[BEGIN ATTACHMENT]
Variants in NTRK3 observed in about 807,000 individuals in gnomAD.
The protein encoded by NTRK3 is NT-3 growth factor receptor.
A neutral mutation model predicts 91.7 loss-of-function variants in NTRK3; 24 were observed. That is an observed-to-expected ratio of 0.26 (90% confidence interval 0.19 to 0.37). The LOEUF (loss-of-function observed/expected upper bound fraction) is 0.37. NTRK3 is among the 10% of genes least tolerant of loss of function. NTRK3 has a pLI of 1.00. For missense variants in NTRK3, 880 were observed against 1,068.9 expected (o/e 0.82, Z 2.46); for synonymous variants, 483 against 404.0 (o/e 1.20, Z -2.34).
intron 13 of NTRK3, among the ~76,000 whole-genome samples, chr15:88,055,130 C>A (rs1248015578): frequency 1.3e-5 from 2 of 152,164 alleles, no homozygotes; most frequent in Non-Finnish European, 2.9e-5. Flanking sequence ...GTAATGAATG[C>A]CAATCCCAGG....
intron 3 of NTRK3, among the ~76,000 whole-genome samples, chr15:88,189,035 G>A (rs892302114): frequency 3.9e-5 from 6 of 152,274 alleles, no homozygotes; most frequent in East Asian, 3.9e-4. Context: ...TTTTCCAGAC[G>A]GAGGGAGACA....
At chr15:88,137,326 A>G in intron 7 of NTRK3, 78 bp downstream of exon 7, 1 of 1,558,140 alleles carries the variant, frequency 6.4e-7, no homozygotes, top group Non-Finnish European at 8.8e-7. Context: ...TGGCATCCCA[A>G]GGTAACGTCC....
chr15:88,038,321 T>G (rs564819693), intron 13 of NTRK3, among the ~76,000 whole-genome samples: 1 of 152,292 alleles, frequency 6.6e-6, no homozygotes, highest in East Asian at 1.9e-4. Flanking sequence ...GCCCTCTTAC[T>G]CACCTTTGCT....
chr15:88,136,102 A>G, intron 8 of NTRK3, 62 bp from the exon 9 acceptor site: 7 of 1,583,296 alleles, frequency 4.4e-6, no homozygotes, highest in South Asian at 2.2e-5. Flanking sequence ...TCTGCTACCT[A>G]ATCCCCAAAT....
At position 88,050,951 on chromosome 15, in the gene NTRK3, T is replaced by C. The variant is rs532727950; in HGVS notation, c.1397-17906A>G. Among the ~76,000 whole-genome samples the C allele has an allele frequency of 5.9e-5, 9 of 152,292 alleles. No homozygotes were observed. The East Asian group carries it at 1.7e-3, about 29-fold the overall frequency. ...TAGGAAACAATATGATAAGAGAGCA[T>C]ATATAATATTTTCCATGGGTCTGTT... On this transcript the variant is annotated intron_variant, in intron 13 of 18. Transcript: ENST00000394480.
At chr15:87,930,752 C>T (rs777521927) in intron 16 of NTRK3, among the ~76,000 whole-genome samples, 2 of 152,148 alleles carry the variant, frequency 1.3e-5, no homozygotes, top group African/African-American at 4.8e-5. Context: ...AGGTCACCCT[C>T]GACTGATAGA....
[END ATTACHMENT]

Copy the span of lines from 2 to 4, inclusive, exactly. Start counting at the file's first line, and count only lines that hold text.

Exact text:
The protein encoded by NTRK3 is NT-3 growth factor receptor.
A neutral mutation model predicts 91.7 loss-of-function variants in NTRK3; 24 were observed. That is an observed-to-expected ratio of 0.26 (90% confidence interval 0.19 to 0.37). The LOEUF (loss-of-function observed/expected upper bound fraction) is 0.37. NTRK3 is among the 10% of genes least tolerant of loss of function. NTRK3 has a pLI of 1.00. For missense variants in NTRK3, 880 were observed against 1,068.9 expected (o/e 0.82, Z 2.46); for synonymous variants, 483 against 404.0 (o/e 1.20, Z -2.34).
intron 13 of NTRK3, among the ~76,000 whole-genome samples, chr15:88,055,130 C>A (rs1248015578): frequency 1.3e-5 from 2 of 152,164 alleles, no homozygotes; most frequent in Non-Finnish European, 2.9e-5. Flanking sequence ...GTAATGAATG[C>A]CAATCCCAGG....